Study links BPA to elevated risk of childhood asthma

Aluminum cans

New research from the Columbia Center for Children’s Environmental Health is reporting a link between early childhood exposure to a common chemical known as BPA (bisphenol A) and an increased likelihood of developing asthma.

Photo: Creatas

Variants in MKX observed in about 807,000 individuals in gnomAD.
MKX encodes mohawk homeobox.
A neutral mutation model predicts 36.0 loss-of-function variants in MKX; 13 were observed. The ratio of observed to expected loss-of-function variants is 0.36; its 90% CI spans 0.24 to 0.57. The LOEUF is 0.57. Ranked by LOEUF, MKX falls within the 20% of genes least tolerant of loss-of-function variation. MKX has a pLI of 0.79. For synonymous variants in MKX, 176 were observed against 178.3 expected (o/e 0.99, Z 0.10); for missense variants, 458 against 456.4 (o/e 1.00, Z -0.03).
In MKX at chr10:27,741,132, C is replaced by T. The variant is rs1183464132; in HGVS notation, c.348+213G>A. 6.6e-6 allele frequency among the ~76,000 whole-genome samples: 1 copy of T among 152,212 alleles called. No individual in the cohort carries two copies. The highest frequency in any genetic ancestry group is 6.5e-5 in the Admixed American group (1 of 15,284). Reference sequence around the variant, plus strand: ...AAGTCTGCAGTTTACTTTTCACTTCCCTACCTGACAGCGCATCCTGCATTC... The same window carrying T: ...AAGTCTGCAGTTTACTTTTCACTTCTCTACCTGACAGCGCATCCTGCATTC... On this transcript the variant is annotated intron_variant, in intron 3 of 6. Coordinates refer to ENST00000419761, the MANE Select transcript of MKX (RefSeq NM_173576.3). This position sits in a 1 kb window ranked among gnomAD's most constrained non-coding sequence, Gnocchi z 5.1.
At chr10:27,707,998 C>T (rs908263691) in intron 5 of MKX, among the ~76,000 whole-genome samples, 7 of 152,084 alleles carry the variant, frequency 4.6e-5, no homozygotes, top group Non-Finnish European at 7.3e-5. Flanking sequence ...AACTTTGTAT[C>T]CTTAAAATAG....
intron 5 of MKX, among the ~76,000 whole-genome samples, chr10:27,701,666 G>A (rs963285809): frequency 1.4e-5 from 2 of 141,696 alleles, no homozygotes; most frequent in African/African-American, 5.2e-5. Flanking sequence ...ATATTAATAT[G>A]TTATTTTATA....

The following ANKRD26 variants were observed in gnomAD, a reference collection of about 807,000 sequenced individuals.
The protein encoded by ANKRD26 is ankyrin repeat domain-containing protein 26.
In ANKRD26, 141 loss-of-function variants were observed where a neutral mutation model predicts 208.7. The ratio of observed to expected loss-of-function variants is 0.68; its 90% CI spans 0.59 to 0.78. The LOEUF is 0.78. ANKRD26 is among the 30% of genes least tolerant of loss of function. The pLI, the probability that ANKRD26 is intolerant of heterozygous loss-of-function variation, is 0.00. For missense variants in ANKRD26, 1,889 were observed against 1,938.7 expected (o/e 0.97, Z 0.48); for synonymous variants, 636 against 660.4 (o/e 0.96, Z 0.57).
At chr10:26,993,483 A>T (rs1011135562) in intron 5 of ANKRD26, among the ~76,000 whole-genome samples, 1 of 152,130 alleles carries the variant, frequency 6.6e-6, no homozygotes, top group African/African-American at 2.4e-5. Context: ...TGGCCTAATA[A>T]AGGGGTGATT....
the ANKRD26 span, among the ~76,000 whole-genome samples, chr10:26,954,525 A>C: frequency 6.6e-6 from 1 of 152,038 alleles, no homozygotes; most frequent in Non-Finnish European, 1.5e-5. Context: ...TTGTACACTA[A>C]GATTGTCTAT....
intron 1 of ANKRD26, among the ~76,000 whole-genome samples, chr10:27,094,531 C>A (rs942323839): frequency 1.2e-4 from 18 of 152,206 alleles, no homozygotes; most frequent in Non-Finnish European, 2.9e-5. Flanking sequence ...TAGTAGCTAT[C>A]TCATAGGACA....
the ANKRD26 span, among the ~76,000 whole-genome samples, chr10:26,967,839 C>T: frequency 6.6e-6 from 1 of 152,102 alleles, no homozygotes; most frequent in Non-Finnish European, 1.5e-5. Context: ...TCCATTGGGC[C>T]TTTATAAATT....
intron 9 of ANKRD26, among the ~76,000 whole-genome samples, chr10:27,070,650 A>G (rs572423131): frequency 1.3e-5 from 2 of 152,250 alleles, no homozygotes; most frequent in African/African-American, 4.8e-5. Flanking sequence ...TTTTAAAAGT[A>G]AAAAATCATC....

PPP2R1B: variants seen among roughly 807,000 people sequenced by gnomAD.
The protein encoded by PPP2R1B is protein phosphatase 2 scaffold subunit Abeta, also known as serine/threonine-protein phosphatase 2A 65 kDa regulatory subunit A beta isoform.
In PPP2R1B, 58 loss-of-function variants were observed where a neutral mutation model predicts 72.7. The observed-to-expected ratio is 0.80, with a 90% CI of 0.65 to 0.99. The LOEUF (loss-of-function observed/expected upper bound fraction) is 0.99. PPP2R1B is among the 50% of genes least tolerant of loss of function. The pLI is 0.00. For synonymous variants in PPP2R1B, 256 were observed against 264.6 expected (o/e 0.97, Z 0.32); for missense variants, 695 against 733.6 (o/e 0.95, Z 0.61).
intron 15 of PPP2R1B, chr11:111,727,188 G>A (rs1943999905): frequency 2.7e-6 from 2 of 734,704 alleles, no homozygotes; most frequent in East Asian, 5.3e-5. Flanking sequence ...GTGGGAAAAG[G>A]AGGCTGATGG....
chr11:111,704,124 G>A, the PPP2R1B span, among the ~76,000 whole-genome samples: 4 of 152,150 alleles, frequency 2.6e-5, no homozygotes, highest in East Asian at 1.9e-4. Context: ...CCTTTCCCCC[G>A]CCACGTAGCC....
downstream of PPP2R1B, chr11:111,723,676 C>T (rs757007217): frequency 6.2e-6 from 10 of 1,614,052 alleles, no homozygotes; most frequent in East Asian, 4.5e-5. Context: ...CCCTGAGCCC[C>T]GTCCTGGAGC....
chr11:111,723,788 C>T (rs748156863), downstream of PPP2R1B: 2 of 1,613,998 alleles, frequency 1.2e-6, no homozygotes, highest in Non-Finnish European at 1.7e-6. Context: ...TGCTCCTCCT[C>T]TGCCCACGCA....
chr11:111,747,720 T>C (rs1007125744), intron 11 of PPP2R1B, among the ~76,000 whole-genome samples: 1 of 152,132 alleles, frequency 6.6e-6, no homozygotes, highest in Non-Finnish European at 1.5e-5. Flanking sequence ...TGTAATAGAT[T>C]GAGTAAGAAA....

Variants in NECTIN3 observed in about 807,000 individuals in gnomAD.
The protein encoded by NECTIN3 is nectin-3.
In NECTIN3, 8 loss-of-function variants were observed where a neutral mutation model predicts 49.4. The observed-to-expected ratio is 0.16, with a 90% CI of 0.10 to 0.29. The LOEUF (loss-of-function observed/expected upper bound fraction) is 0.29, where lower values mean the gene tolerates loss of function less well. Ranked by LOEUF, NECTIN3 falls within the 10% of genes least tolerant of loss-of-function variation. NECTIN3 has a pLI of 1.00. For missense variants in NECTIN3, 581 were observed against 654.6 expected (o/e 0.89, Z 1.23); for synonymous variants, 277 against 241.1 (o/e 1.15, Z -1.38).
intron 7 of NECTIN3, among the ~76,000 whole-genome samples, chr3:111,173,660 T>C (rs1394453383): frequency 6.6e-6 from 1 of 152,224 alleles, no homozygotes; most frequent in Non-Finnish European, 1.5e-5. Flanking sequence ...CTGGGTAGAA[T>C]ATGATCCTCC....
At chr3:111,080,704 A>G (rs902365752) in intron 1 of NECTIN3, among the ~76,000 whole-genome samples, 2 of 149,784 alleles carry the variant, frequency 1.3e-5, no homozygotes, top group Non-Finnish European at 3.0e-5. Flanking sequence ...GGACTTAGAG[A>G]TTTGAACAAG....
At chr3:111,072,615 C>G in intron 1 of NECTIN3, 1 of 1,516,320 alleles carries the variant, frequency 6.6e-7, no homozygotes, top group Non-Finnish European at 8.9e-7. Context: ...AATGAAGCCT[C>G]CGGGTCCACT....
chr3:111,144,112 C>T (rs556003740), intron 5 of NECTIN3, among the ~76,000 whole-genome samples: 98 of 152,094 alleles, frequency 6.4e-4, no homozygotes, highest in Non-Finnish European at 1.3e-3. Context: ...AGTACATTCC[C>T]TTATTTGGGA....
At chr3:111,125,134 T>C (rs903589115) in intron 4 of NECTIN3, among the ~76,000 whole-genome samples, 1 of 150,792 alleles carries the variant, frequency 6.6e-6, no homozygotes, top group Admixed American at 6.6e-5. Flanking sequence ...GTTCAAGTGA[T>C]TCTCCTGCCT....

BPA has been at the center of health debates for some time. It is detectable in a wide variety of products, most notably in some types of plastic containers as well as in aluminum cans. The chemical is so widely used that a 2008 study revealed that Americans take in much higher levels of the chemical than what is considered safe (50 microgram-per-kilograms per day). The last five years have revealed substantial adverse health effects related to BPA, garnering significant attention from medical professionals. After analyzing BPA levels of 568 pregnant women in their third trimester, researchers from Columbia followed up with the children at ages three, five and seven. The biggest takeaway from the study was that post-natal exposure to BPA was tied to an increased risk of childhood asthma. While the study fails to establish a cause-and-effect relationship between BPA and asthma, the data does suggest a strong link. In light of similar studies, the FDA recently banned the use of BPA in baby bottles and sippy cups.    

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